TOKYO (majirox news) – Dr. Kumi Naidoo showed contaminated soil from a Fukushima City playground at a press conference on June 9 in Tokyo.
Naidoo, executive director of Greenpeace, an international environmental organization, criticized the Japanese government’s response to the Fukushima Daiichi nuclear disaster in northeast Japan, and its ongoing failure to protect the health and welfare of its people.
“While the Japanese government has made some efforts at decontamination, it is not nearly enough,” he said. “These are real people we are dealing with here, not statistics.”
This week Naidoo and a Greenpeace radiation monitoring team tested for contamination in central Fukushima. The group found average levels of gamma radiation contamination at around 2-3 µSv/h (microsieverts per hour) at ground level on the streets of central Fukushima, about 25-40 times above normal.
“The measurements at contaminated hotspots ranged from 9 µSv/h to as high as 45 µSv/h, particularly dose rates of 0.5 µSv/h – seven times normal background levels – could still be found at a kindergarten, despite already having been decontaminated by the authorities,” stated Greenpeace.
The Ministry of Education, Culture, Sports, Science and Technology said radiation levels on school playgrounds near Fukushima Daiichi plant can be cut by up to 99 percent by removing contaminated soil. The ministry said that radiation levels on school playgrounds and other areas near the plant can be effectively reduced by replacing irradiated topsoil with earth from deeper down, or removing the top layer and burying it.
According to the Mainichi Daily News June 10, the radiation levels from the schoolyards of Fukushima Prefecture decreased by one-eighth due to the removal of the top soil. The ministry measured the levels of radiation from the atmosphere, and on June 9 reported its results to Japan’s Safety Nuclear Agency.
Naidoo said, “On Tuesday (June 7) I had the privilege of meeting with both teachers and school children in Fukushima. Looking at innocent faces of the children, I found it difficult to contemplate the dangerously high levels of radiation they are being exposed to on a daily basis.”
Naidoo said that it was morally imperative for Japan’s government to evacuate pregnant woman and children from high-risk areas until proper decontamination was carried out.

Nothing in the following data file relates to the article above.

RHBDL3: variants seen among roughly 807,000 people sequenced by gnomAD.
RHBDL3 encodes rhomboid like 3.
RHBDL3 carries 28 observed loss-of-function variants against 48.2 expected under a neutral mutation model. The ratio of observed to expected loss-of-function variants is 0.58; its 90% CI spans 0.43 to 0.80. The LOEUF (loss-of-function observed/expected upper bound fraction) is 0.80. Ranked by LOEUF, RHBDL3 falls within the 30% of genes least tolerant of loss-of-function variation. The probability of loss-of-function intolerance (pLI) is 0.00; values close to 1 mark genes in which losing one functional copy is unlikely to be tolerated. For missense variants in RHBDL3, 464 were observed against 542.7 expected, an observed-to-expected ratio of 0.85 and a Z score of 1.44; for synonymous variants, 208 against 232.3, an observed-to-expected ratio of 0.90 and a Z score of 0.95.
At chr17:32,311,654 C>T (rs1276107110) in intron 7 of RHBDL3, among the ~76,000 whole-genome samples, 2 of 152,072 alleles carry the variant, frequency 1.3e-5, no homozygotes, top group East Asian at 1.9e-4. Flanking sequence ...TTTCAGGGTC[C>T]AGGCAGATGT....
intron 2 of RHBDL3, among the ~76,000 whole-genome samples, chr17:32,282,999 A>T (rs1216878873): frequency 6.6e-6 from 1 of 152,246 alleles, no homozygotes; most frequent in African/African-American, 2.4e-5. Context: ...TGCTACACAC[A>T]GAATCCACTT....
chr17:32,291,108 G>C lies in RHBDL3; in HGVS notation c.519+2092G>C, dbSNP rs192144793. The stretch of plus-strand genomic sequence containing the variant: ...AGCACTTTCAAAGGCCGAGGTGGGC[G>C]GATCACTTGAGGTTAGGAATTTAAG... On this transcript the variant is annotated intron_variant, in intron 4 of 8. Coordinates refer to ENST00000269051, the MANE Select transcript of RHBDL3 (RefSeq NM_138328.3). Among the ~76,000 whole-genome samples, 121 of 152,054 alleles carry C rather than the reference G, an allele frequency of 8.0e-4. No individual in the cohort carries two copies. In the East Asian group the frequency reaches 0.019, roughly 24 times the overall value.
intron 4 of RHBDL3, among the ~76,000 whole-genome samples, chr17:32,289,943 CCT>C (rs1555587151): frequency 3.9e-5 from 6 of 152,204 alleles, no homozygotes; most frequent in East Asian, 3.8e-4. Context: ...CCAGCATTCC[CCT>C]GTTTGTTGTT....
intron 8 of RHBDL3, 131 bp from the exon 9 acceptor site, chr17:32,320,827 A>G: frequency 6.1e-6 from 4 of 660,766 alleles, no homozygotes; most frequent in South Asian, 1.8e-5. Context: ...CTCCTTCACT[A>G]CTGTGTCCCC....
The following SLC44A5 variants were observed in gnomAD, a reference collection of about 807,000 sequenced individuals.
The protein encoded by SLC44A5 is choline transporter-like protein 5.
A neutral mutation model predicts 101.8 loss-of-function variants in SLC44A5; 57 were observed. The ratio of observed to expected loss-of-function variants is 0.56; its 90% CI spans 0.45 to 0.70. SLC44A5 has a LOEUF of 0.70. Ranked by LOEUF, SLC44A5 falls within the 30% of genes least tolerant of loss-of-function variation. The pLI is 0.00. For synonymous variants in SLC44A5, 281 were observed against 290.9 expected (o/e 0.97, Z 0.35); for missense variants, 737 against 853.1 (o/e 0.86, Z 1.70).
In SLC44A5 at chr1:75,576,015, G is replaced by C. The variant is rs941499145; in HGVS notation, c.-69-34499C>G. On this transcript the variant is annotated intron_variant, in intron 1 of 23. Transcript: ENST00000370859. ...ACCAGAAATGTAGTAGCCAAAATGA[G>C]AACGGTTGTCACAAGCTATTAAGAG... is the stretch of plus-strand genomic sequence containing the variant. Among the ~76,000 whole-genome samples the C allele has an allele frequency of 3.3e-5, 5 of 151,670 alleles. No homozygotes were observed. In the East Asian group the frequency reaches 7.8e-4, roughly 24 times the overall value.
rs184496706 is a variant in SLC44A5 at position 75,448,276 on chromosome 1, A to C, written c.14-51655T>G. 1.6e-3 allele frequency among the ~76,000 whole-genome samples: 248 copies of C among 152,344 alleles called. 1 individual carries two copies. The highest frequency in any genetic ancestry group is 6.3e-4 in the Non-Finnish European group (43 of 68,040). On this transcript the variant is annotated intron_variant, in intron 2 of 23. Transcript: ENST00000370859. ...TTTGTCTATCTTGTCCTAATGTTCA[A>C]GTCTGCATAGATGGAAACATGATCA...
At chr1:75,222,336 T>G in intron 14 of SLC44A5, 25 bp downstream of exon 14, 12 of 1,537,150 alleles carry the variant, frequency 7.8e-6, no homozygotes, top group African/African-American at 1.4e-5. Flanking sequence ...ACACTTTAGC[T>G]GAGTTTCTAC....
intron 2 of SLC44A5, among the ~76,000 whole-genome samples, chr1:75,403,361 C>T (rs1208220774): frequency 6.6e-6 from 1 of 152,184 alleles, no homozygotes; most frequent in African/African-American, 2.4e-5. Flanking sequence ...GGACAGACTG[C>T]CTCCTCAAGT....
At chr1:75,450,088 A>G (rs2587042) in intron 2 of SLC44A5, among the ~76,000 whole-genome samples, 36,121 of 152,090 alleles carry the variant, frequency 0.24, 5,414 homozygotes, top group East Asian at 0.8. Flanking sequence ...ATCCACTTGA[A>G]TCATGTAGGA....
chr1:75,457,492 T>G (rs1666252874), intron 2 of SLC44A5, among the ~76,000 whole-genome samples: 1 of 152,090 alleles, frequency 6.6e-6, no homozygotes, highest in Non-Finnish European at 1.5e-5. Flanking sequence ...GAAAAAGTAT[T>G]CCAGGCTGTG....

“While authorities admitted this week that the Fukushima crisis is far worse than previously claimed by TEPCO (owner and operator of Fukushima Daiichi plant) with several melt-throughs and a doubling of the estimated amount of radiation released, we are not seeing any escalation in their plans to protect the public,” Naidoo said.
He added that we needed greater protection from exposure to schoolchildren, and less protection and more exposure of TEPCO and the nuclear industry. “Having seen the aftereffects of Chernobyl I’m here to implore the Japanese government to protect its people and learn from 50 years of mistakes of nuclear energy.”
As previously reported, Gerry Curtis, professor of Japanese politics at Columbia University in New York and a prominent analyst of Japanese politics, said the most dangerous decision made by the government has been to allow children to go to schools and play in playgrounds where the radiation level is as high as 20 millisieverts per year (mSv). The government says this is the international standard; however the standard is meant for adults working in nuclear plants.
The government’s stance remains that it is safe for schoolchildren to use school playgrounds in the prefecture as long as the dose they are exposed to doe not exceed 20 millisieverts over a year.
“We’re talking about 5- and 6-year-old children, and no one knows what the long-term health consequences may be,” Curtis said. “For the government to neglect the health of the children is really crazy. Not only the mothers of children in Fukushima, but every mother in the country is angry and up in arms.”
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